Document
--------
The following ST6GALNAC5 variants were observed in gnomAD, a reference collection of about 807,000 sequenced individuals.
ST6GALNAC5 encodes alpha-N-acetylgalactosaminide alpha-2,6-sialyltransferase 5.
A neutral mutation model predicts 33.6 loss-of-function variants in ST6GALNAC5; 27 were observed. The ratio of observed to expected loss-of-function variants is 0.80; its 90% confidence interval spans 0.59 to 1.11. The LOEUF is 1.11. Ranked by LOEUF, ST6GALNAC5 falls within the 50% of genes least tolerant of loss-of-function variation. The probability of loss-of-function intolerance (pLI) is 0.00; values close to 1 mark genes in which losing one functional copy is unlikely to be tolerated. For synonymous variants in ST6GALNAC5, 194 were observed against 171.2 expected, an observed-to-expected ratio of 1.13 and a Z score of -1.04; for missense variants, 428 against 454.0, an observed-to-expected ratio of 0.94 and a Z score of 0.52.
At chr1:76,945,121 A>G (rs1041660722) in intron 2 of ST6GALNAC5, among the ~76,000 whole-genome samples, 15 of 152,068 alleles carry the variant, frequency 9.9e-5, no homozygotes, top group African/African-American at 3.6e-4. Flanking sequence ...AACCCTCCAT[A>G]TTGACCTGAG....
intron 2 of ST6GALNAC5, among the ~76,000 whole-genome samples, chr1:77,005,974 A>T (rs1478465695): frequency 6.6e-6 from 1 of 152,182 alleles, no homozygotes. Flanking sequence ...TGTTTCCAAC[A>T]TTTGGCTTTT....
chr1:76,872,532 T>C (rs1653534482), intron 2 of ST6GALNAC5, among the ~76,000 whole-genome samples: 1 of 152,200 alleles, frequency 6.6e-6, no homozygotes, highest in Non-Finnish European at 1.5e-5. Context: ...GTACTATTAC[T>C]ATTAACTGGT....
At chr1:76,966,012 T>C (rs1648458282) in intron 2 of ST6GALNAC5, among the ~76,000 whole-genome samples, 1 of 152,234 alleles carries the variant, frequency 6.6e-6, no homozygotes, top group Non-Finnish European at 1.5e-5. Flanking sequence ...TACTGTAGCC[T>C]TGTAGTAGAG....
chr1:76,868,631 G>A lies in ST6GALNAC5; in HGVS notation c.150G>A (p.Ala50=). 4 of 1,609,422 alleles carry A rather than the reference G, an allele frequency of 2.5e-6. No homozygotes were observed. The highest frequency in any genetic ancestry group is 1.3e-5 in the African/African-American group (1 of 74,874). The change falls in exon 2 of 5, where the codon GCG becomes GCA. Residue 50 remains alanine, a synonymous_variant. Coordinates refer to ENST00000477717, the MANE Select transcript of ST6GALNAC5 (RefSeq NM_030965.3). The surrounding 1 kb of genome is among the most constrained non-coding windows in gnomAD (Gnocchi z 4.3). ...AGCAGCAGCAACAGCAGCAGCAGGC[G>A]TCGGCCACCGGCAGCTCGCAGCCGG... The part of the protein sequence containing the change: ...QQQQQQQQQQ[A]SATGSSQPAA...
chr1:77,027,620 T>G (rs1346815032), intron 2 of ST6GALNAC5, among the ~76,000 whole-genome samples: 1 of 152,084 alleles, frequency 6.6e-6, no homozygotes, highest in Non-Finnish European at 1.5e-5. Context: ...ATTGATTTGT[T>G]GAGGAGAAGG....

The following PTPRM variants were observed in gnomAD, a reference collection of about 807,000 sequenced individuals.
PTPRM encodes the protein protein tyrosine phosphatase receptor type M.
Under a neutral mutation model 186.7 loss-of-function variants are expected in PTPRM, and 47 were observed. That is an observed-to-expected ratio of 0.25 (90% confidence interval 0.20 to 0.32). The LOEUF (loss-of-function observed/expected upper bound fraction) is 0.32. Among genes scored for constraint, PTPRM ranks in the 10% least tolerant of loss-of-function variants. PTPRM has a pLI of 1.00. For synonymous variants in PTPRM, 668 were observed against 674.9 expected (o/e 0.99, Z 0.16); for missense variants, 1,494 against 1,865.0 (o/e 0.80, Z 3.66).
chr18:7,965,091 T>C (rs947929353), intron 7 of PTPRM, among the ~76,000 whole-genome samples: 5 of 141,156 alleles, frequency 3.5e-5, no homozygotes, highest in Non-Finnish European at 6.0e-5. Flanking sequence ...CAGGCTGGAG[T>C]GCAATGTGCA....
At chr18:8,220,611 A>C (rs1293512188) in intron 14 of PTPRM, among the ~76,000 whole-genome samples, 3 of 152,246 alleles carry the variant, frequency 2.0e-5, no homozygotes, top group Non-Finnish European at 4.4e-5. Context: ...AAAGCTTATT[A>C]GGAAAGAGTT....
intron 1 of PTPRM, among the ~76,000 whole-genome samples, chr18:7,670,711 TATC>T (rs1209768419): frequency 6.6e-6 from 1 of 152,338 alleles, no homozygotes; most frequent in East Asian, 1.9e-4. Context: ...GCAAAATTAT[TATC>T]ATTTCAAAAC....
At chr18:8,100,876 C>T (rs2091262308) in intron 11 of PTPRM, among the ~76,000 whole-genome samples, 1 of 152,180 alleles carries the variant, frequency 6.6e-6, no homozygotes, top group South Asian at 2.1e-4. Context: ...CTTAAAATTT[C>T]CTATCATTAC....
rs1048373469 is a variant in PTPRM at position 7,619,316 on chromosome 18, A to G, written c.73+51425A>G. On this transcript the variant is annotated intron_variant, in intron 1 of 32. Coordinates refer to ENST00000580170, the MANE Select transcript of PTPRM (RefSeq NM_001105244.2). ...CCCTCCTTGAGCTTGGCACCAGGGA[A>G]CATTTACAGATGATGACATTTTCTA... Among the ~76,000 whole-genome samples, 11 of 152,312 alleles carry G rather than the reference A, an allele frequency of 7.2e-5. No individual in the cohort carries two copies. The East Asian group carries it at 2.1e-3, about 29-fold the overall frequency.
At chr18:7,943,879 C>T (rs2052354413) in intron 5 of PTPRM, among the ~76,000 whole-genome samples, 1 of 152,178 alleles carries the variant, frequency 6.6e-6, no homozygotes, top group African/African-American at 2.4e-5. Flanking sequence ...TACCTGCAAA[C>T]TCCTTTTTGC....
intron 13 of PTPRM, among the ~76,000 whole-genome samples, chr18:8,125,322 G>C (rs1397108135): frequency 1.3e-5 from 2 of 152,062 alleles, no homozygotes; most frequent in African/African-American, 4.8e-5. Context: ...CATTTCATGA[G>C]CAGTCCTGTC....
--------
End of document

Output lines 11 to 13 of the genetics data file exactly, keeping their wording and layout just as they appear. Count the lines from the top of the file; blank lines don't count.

PTPRM encodes the protein protein tyrosine phosphatase receptor type M.
Under a neutral mutation model 186.7 loss-of-function variants are expected in PTPRM, and 47 were observed. That is an observed-to-expected ratio of 0.25 (90% confidence interval 0.20 to 0.32). The LOEUF (loss-of-function observed/expected upper bound fraction) is 0.32. Among genes scored for constraint, PTPRM ranks in the 10% least tolerant of loss-of-function variants. PTPRM has a pLI of 1.00. For synonymous variants in PTPRM, 668 were observed against 674.9 expected (o/e 0.99, Z 0.16); for missense variants, 1,494 against 1,865.0 (o/e 0.80, Z 3.66).
chr18:7,965,091 T>C (rs947929353), intron 7 of PTPRM, among the ~76,000 whole-genome samples: 5 of 141,156 alleles, frequency 3.5e-5, no homozygotes, highest in Non-Finnish European at 6.0e-5. Flanking sequence ...CAGGCTGGAG[T>C]GCAATGTGCA....